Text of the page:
- When someone becomes thirsty they are already dehydrated to a point which creates sporting disadvantage

- The best way to monitor hydration level is by the colour of urine

- Being correctly hydrated increases performance a noticeable amount

 

Observational research

At the ADO Den Haag training grounds

At the ADO Den Haag training grounds

As the produce is targeted towards professional and semi-professional athletes many visits and interviews were done with these people. We worked directly with a professional football team (ADO Den Haag) where we worked directly with the coach and physiotherapist alongside talking to the players themselves. Visits were also made to other professional teams including the Dutch basketball team amongst others.

The design team observing training

The design team observing training

Looking at how the current fitness monitoring worked

Looking at how the current fitness monitoring worked

Talking directly with the head coach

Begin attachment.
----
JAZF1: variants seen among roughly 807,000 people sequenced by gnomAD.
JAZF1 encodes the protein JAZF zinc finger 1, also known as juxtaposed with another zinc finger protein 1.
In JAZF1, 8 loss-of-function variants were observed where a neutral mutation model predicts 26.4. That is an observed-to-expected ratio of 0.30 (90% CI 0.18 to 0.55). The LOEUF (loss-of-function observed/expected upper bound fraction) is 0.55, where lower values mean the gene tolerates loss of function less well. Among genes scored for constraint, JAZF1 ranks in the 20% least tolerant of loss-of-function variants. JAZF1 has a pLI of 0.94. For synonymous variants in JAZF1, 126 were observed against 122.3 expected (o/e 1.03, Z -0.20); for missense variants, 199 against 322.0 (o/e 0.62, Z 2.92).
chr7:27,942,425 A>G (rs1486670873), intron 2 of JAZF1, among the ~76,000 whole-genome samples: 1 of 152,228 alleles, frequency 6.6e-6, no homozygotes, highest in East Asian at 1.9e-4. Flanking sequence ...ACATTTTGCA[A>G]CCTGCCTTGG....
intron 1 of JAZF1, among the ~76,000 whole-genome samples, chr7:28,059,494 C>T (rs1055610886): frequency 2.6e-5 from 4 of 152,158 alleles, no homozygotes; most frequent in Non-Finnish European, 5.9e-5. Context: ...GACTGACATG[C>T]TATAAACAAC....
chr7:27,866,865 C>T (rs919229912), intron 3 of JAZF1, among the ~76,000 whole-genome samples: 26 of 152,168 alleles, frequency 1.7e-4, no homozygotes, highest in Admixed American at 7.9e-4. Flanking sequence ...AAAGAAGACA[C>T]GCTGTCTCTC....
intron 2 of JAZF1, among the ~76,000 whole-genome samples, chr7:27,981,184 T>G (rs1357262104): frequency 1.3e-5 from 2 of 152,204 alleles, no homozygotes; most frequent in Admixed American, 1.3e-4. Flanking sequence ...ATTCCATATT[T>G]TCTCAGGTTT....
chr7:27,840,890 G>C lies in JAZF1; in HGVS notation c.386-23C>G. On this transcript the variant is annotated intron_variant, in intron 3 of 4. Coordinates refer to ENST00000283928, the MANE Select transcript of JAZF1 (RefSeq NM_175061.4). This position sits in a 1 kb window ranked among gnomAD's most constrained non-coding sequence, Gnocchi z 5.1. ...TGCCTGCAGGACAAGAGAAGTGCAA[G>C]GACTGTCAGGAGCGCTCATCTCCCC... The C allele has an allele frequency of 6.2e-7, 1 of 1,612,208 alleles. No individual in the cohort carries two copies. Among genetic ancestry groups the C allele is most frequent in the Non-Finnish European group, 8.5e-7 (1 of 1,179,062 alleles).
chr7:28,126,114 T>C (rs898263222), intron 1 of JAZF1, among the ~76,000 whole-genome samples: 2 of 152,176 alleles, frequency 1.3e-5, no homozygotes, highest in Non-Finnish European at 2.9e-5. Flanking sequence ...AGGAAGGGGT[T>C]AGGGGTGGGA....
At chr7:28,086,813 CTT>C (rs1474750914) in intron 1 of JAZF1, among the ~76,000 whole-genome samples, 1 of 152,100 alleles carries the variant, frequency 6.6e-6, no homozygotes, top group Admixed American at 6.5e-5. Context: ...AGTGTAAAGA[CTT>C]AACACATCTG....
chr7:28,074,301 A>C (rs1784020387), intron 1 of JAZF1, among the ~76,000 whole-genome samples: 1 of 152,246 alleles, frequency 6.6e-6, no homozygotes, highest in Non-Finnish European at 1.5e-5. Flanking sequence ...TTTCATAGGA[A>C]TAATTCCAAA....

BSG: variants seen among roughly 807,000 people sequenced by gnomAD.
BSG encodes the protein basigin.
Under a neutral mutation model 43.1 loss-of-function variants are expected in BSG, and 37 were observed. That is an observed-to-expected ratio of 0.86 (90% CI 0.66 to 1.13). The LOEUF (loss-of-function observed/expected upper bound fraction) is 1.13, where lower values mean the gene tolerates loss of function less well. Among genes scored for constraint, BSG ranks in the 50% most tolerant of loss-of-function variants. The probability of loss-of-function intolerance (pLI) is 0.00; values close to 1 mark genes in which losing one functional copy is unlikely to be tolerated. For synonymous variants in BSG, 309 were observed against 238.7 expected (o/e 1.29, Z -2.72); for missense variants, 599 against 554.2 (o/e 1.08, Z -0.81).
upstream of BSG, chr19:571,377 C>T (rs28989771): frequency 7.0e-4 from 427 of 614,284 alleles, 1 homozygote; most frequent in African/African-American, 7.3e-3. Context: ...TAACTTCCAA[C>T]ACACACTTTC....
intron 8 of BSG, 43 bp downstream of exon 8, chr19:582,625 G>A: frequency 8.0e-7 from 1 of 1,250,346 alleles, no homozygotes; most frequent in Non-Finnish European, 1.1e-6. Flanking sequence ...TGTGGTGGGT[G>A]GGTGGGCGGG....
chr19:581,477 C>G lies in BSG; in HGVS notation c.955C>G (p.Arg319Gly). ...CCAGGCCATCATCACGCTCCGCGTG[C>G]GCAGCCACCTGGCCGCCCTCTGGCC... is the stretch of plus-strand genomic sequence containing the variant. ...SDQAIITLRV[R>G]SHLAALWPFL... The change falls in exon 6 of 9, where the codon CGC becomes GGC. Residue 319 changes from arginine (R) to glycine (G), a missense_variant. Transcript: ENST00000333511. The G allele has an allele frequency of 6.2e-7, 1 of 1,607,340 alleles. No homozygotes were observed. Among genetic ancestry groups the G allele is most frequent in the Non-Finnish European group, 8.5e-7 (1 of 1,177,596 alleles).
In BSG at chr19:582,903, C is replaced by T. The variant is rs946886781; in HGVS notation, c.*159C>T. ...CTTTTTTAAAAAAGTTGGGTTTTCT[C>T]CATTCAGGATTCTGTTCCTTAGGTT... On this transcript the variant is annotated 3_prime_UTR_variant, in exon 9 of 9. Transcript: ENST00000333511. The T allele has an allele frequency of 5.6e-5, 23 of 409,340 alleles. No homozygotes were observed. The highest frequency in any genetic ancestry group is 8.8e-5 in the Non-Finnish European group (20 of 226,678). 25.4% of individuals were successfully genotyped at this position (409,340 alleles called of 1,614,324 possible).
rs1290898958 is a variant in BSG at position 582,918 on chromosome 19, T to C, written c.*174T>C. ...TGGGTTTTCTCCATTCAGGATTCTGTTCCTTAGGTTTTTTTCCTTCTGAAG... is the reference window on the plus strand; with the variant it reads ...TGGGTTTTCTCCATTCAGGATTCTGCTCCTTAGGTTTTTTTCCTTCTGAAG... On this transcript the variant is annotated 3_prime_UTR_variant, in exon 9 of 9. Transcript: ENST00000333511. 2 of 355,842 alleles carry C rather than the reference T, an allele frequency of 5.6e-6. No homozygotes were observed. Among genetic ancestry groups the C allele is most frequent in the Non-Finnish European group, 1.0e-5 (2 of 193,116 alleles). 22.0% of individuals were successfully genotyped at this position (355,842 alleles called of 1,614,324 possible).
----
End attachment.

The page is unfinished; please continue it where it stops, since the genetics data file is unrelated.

Talking directly with the head coach

Observing professional basketball players

Observing professional basketball players

 

Project focus

Based upon findings from talking with amateur athletes and many interviews with professionals it became clear that there would be 3 key components to the solution, all working flawlessly together.

Water bottle

- Track the amount of water consumed by the athlete.

- Give visual feedback on the amount of water that should be consumed.

- Hold enough water for a typical work out period.

Smartphone app

- Work in conjunction with the water bottle.

- Track athletes movements.

- Record urine colour.

Data System

- Determine the amount of fluid that should be consumed by estimating the athletes current level of hydration.

- Learning system that develops an understanding of how much fluid the athlete looses during a giving period.

 

System Design

The first focus of the project was to design the full data system in which all the other components would be based around. Below was the initial rough layout of how this would work.

There are 3 core components: The bottle which communicates with the smartphone through bluetooth. The smartphone which is the core of the system, storing data locally and in the global cloud. And the learning data base itself.